Looking for that perfect hike in Utah for young children? Whether you’re new to hiking with your baby or toddler, or you’re looking for a new trail to explore, the Hike it Baby community is a valuable resource for finding family hiking trails around the country. In this article, we share three amazing hikes in Utah to explore with babies and young children.
Hiking with young children (under 5 years old) is different from hiking with school-age children. These three hikes in Utah offer families of young children beautiful trails to explore while considering the unique ways young children hike, wander, doddle and explore.
While there are thousands of trails to explore in Utah, our local Hike it Baby branches recommend these three hikes that are close to metro areas and great places to explore with young children.
Jenny’s Canyon Trail, Snow Canyon (St. George, UT)
If you want to experience the same red rock feel as Arches and Zion without the crowds, Jenny’s Canyon is a great choice. It’s a short hike that ends with a short slot canyon and is suitable for all ages. If you want to make a day of it, venture deeper into this park where you’ll find numerous toddler-appropriate slot canyons with high walls lined with petroglyphs and beautiful rocks that look like frozen layers of orange ribbon laying across the landscape. (This is also a great sampling of what slot canyons and Utah deserts feel like.) If you are up for more adventuring, try to get to the petrified dunes trail and get 1.5 more miles in. This is also a giant sandbox, so bring toys, find a shady spot and let the kids play in the cool sand.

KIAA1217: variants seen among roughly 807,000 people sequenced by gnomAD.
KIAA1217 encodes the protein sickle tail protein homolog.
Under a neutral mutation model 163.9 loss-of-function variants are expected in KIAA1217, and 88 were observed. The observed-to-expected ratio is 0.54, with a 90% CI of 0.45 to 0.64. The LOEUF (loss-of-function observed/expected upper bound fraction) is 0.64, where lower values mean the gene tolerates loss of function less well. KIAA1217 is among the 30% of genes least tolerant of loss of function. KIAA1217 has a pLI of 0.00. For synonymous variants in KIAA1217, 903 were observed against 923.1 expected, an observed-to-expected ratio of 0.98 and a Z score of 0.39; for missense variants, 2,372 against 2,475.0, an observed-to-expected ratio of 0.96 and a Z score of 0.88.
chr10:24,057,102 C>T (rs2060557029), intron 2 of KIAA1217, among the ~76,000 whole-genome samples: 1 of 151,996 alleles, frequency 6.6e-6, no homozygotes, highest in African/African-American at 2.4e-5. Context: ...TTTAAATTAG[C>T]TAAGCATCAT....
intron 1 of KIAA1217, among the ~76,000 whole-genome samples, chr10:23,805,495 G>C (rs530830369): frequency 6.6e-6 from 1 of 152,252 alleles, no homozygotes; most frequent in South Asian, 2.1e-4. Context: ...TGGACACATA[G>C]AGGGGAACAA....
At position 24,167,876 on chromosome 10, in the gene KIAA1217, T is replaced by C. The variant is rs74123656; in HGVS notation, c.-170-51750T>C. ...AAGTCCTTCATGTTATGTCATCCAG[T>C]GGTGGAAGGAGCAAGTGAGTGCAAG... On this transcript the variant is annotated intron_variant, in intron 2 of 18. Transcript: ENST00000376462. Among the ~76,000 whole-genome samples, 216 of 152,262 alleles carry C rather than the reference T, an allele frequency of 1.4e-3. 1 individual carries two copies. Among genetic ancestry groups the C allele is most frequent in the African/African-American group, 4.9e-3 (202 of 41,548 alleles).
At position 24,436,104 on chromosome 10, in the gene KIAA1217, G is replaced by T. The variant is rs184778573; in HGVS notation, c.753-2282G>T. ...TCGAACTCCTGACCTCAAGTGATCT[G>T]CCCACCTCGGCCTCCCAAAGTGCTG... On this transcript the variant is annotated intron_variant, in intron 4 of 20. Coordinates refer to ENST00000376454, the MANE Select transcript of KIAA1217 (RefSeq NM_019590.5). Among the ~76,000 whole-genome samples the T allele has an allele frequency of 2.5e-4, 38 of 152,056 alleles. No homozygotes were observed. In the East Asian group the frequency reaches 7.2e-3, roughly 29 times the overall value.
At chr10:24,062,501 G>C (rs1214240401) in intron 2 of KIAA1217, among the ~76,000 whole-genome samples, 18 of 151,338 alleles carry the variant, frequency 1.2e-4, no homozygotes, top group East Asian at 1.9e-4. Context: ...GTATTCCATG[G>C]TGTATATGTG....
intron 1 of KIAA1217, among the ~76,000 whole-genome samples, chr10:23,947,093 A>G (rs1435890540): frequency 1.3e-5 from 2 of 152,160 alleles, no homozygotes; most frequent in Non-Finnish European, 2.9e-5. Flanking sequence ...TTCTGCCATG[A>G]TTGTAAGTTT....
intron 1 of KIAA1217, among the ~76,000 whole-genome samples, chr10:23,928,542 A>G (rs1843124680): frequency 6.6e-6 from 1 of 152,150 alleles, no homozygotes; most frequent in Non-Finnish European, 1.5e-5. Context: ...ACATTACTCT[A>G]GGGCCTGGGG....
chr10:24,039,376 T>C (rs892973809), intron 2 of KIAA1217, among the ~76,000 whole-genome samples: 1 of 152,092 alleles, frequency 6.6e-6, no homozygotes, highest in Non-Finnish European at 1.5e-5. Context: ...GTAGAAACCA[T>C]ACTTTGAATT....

My favorite part of the trail is the slot canyon at the end. It has stunning rock formations and provides a cool, shady place to rest. The trail itself is covered in beautiful red sand which kids of all ages like to play in. The color of sand is unique in itself. The trail is also littered with neat volcanic rock that paints a picture of what the land looked like thousands of years ago. —Katie Rains
- Summer temperatures can exceed 100 degrees, so bring more water than you think you’ll need. It’s easy to get turned around in the slot canyons while searching for petroglyphs, and a one-hour hike can get much longer.
- Fall through spring are the best months to hike in this park; however, the trail is closed from March 15 to June 1 due to migratory birds inhabiting the area.